**Complete** the Frankfort-Nachmias and Leon-Guerrero (2018) SPSS® problems and chapter exercises listed below.

- Ch. 6: Chapter Exercises 2, 4, 6, 8, and 12
- Ch. 7: SPSS® Problem 2
- Ch. 7: Chapter Exercises 2, 4, 6, 8, and 12

**Include** your answers in a Microsoft® Word document.

**Click** the Assignment Files tab to upload your assignment.

Please see Chapter 6 material.

- Describe the aims of sampling and basic principles of probability
- Explain the relationship between a sample and a population
- Identify and apply different sampling designs
- Apply the concept of the sampling distribution
- Describe the central limit theorem

Until now, we have ignored the question of who or what should be observed when we collect data or whether the conclusions based on our observations can be generalized to a larger group of observations. In truth, we are rarely able to study or observe everyone or everything we are interested in. Although we have learned about various methods to analyze observations, remember that these observations represent a fraction of all the possible observations we might have chosen. Consider the following research examples.

*Example 1:* The Muslim Student Association on your campus is interested in conducting a study of experiences with campus diversity. The association has enough funds to survey 300 students from the more than 20,000 enrolled students at your school.

*Example 2:* Environmental activists would like to assess recycling practices in 2-year and 4-year colleges and universities. There are more than 4,700 colleges and universities nationwide.1

*Example 3:* The Academic Advising Office is trying to determine how to better address the needs of more than 15,000 commuter students, but determines that it has only enough time and money to survey 500 students.

The primary problem in each situation is that there is too much information and not enough resources to collect and analyze it.

Researchers in the social sciences rarely have enough time or money to collect information about the entire group that interests them. Known as the **population**, this group includes all the cases (individuals, groups, or objects) in which the researcher is interested. For example, in our first illustration, there are more than 20,000 students; the population in the second illustration consists of 4,700 colleges and universities; and in the third illustration, the population is 15,000 commuter students.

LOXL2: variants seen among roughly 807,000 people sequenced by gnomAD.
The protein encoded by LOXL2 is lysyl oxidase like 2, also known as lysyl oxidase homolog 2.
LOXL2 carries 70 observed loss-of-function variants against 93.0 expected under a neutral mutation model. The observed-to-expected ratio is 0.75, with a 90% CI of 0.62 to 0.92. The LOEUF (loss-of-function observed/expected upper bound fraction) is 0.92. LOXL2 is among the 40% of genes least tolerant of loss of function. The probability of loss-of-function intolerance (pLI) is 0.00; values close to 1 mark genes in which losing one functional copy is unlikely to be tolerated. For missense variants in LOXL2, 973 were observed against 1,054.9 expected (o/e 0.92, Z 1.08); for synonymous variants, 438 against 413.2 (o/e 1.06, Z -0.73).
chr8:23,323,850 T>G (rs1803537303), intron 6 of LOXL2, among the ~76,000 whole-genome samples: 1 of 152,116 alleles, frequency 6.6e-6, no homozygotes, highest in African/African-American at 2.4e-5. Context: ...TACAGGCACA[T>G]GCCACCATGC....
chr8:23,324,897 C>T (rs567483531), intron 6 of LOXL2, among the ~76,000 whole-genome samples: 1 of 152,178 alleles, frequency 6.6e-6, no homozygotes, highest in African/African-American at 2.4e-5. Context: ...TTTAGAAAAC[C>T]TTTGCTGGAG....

**Population** A group that includes all the cases (individuals, objects, or groups) in which the researcher is interested.

Fortunately, we can learn a lot about a population if we carefully select a subset of it. This subset is called a **sample**. Through the process of **sampling**—selecting a subset of observations from the population—we attempt to generalize the characteristics of the larger group (population) based on what we learn from the smaller group (the sample). This is the basis of inferential statistics—making predictions or inferences about a population from observations based on a sample. Thus, it is important how we select our sample.

The term **parameter**, associated with the population, refers to measures used to describe the population we are interested in. For instance, the average commuting time for the 15,000 commuter students on your campus is a population parameter because it refers to a population characteristic. In previous chapters, we have learned the many ways of describing a distribution, such as a proportion, a mean, or a standard deviation. When used to describe the population distribution, these measures are referred to as parameters. Thus, a population mean, a population proportion, and a population standard deviation are all parameters.

We use the term **statistic** when referring to a corresponding characteristic calculated for the sample. For example, the average commuting time for a sample of commuter students is a sample statistic. Similarly, a sample mean, a sample proportion, and a sample standard deviation are all statistics.

**Sample** A subset of cases selected from a population.

**Sampling** The process of identifying and selecting a subset of the population for study.

**Parameter** A measure (e.g., mean, standard deviation) used to describe the population distribution.

**Statistic** A measure (e.g., mean, standard deviation) used to describe the sample distribution.

In this chapter and in the remaining chapters of this text, we discuss some of the principles involved in generalizing results from samples to the population. We will use different notations when referring to sample statistics and population parameters in our discussion. Table 6.1 presents the sample notation and the corresponding population notation.

Table 6.1 Sample and Population Notations

Measure Notation

Sample Notation